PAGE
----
Firstly, this is very cool having another film on Blu-ray by Wojciech Has, the director of The Saragossa Manuscript. The Hourglass Sanatorium is in 1.85:1 which, despite IMDb, I have been told is correct (Mr. Bongo's 2008 PAL DVD was 1.78:1). Composition looks fairly correct. Researching further this was shot in 1:85:1 and then matted in scope for the release.  This DMMS Blu-ray provides a fine presentation. The image quality shows minute grain and detail impressive in close-ups. It can look a tad waxy at times but not caked-on. The disc is dual-layered with a max'ed out bitrate and comes from a fine source print. The interiors have a greenish hue (which may very well be correct) and I noted no noise whatsoever. Contrast is nicely layered and supports the film very well. The 1080P is not perfect but I think it looks quite impressive in-motion.


Similar to Mr. Bongo's The Saragossa Manuscript Blu-ray (Review HERE):

1) It is the exact same running time as the Zebra Blu-ray release - down the the 1/1000th of a second. (NOTE: This, alone, is a real telltale as we've seen on the few Spanish Blu-ray bootlegs we've reviewed in the past 3 years.)

2) Audio transfer is the exact same as the Zebra Blu-ray release - DTS-HD Master - 1743 kbps 5.1 - 16 bit.

3) The bitrate and bitrate graph are exactly the same.

4) Subtitle font is exact same style and size as the Zebra Blu-ray release.

5) The screener disc is labeled "The Saragossa Manuscript" but the film was clearly The Hourglass Sanatorium. And this was vice-versa for the other Blu-ray screener disc.

6) The screener disc states it is region 'B'. It is definitely region FREE (same with "The Saragossa Manuscript").

Video/Audio quality is the same on both Blu-rays, slightly less technically robust on the visuals but my eye (and ears) and software can't distinguish significant differences. There are optional English subtitles but no extras at all.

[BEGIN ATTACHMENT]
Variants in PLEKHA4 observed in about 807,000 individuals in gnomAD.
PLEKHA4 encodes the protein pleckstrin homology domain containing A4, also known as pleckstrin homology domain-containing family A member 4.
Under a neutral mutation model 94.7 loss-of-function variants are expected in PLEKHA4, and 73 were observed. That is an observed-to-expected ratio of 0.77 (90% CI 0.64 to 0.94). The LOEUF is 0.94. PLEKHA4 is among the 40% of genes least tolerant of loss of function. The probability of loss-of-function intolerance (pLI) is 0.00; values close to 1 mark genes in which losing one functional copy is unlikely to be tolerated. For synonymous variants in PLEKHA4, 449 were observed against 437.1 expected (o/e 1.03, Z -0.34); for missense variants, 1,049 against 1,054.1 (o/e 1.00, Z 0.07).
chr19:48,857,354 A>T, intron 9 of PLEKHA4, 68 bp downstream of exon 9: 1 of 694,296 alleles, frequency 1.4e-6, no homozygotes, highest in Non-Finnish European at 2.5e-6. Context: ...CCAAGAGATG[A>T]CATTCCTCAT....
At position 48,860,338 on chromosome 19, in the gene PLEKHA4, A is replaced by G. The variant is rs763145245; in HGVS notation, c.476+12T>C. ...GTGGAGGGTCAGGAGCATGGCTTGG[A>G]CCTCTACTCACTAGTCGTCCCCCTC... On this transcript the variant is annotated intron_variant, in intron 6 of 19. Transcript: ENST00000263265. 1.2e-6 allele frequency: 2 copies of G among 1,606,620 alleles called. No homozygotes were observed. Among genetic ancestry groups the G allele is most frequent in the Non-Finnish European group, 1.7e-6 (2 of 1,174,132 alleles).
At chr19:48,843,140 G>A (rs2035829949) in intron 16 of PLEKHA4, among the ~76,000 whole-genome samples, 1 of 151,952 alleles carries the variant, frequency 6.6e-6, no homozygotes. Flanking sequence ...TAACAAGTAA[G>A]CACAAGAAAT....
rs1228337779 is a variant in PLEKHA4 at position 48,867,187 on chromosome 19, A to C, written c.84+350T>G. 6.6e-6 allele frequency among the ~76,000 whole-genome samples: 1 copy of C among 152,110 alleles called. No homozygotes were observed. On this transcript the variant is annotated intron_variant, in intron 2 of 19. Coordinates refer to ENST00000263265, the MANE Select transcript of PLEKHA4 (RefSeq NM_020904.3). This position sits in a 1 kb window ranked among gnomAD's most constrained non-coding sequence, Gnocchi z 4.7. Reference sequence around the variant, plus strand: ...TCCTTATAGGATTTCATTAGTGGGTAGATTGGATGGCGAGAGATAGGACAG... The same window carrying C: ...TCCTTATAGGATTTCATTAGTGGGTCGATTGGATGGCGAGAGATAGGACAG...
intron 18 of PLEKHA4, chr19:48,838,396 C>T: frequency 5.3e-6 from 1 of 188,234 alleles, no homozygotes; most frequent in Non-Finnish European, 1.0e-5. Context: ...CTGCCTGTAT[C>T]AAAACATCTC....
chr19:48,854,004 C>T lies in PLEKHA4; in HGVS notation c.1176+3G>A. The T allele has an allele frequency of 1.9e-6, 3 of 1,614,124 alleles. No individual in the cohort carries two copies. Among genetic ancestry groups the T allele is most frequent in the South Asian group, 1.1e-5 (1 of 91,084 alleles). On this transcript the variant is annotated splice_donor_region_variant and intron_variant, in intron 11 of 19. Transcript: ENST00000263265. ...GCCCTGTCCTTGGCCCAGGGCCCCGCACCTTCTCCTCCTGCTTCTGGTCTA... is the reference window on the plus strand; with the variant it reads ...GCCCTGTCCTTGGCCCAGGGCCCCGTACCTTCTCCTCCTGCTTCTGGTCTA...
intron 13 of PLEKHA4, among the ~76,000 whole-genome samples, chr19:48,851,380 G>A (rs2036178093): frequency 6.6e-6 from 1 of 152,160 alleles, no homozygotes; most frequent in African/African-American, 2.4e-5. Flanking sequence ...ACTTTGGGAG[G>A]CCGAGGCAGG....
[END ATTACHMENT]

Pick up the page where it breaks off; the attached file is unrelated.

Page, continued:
I can only assume, that this is a legal, or illegal, port of the Polish release. It's a very worthy disc to own for any Cinephile Blu-ray library.





1) Zebra - Region FREE - Blu-ray TOP

2) Mr. Bongo - Region FREE - Blu-ray BOTTOM



1) Zebra - Region FREE - Blu-ray TOP

2) Mr. Bongo - Region FREE - Blu-ray BOTTOM



1) Zebra - Region FREE - Blu-ray TOP

2) Mr. Bongo - Region FREE - Blu-ray BOTTOM



1) Zebra - Region FREE - Blu-ray TOP

2) Mr. Bongo - Region FREE - Blu-ray BOTTOM



More Blu-ray Captures












Audio :

Options for a DTS-HD Master 5.1 surround at 1743 kbps or, for audio description - a linear PCM stereo at 1536 kbps. The surround has some separations although not very crisp There was depth notable in Jerzy Maksymiuk brooding score that suits the dilapidated sanatorium very well. Like Saragossa I noted a bit of a sync issue but didn't find it overly distracting. There are optional English, and Polish subtitles and my Oppo has identified it as being a region FREE disc playable on Blu-ray machines worldwide.



Extras :

The cover, booklet and extras are in all Polish only (unknown) but only trailers and there doesn't appear to be anything of a substantial nature (ie. nothing is longer than 2.5 minutes.)



Mr. Bongo - Region FREE - Blu-ray


The Hourglass Sanatorium is an immensely enjoyable film experience with multiple interpretations and subtleties.  The protagonist's journey is not so much for his father, but through his own, and others, past. The film becomes non-linear with marvelously artistic sets bordering on Fellini-esque surrealism. It is totally fascinating. Being so visual it is one of those film that you definitely want on Blu-ray. This distributor continues to impress and we will pursue more from them. Certainly we give this a strong recommendation! 

Gary Tooze

March 24th, 2014

About the Reviewer: Hello, fellow Beavers! I have been interested in film since I viewed a Chaplin festival on PBS when I was around 9 years old. I credit DVD with expanding my horizons to fill an almost ravenous desire to seek out new film experiences. I currently own approximately 9500 DVDs and have reviewed over 3500 myself. I appreciate my discussion Listserv for furthering my film education and inspiring me to continue running DVDBeaver. Plus a healthy thanks to those who donate and use our Amazon links.

Although I never wanted to become one of those guys who focused 'too much' on image and sound quality - I find HD is swiftly pushing me in that direction.

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60-Inch Class (59.58” Diagonal) 1080p Pioneer KURO Plasma Flat Panel HDTV PDP6020-FD

Oppo Digital BDP-83 Universal Region FREE Blu-ray/SACD Player
Momitsu - BDP-899 Region FREE Blu-ray player
Marantz SA8001 Super Audio CD Player
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Tannoy DC6-T (fronts) + Energy (centre, rear, subwoofer) speakers (5.1)

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Gary W. Tooze